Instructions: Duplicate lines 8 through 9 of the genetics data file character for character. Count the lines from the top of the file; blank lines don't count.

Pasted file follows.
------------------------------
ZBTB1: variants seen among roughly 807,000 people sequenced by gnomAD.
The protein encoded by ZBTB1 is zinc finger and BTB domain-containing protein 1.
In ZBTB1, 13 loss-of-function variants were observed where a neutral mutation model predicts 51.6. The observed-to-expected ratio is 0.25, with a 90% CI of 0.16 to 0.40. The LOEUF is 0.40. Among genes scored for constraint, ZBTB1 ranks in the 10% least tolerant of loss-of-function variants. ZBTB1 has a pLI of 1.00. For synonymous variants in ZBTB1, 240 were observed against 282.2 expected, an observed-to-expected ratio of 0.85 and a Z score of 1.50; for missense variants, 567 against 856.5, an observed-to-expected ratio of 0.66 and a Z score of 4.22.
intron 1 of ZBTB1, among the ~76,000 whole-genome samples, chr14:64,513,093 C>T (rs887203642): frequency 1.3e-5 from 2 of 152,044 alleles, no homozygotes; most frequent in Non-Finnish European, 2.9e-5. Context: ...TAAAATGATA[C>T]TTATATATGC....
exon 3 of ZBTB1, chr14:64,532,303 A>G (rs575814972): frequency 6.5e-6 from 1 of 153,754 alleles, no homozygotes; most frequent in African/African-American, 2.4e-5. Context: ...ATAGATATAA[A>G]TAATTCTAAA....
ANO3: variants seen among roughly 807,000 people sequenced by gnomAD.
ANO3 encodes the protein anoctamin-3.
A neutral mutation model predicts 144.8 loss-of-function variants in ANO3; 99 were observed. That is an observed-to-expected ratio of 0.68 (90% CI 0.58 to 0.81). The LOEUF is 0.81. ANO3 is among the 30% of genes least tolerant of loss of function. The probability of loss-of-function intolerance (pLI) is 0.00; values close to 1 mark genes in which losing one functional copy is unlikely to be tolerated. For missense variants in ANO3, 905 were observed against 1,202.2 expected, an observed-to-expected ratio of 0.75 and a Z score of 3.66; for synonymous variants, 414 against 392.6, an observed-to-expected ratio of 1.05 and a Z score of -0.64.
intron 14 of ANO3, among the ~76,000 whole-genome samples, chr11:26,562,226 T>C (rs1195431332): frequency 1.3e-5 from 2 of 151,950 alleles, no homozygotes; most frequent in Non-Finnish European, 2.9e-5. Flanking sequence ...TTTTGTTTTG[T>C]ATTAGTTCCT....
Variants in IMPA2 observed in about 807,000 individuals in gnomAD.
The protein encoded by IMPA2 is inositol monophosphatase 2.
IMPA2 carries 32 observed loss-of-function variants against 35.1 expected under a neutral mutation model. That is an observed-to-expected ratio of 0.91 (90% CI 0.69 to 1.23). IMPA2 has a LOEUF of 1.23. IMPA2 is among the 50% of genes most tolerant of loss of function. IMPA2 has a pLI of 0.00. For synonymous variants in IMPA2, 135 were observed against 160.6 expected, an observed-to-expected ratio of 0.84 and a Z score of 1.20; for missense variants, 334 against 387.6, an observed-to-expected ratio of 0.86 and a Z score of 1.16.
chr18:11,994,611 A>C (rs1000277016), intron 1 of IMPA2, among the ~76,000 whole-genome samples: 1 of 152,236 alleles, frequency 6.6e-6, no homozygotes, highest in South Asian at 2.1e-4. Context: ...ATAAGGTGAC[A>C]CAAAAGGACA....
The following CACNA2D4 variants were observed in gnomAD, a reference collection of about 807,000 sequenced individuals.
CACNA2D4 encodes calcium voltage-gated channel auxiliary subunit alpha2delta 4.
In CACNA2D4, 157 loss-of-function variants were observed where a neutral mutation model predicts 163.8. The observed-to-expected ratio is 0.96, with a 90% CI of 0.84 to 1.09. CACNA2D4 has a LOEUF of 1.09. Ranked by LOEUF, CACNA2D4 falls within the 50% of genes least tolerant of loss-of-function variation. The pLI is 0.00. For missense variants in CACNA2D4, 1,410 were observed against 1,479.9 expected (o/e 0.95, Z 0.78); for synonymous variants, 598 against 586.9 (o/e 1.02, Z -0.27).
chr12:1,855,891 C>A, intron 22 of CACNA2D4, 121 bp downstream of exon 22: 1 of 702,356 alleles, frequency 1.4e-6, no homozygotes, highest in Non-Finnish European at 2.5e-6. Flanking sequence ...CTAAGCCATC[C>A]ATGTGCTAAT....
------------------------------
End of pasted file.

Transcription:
A neutral mutation model predicts 144.8 loss-of-function variants in ANO3; 99 were observed. That is an observed-to-expected ratio of 0.68 (90% CI 0.58 to 0.81). The LOEUF is 0.81. ANO3 is among the 30% of genes least tolerant of loss of function. The probability of loss-of-function intolerance (pLI) is 0.00; values close to 1 mark genes in which losing one functional copy is unlikely to be tolerated. For missense variants in ANO3, 905 were observed against 1,202.2 expected, an observed-to-expected ratio of 0.75 and a Z score of 3.66; for synonymous variants, 414 against 392.6, an observed-to-expected ratio of 1.05 and a Z score of -0.64.
intron 14 of ANO3, among the ~76,000 whole-genome samples, chr11:26,562,226 T>C (rs1195431332): frequency 1.3e-5 from 2 of 151,950 alleles, no homozygotes; most frequent in Non-Finnish European, 2.9e-5. Flanking sequence ...TTTTGTTTTG[T>C]ATTAGTTCCT....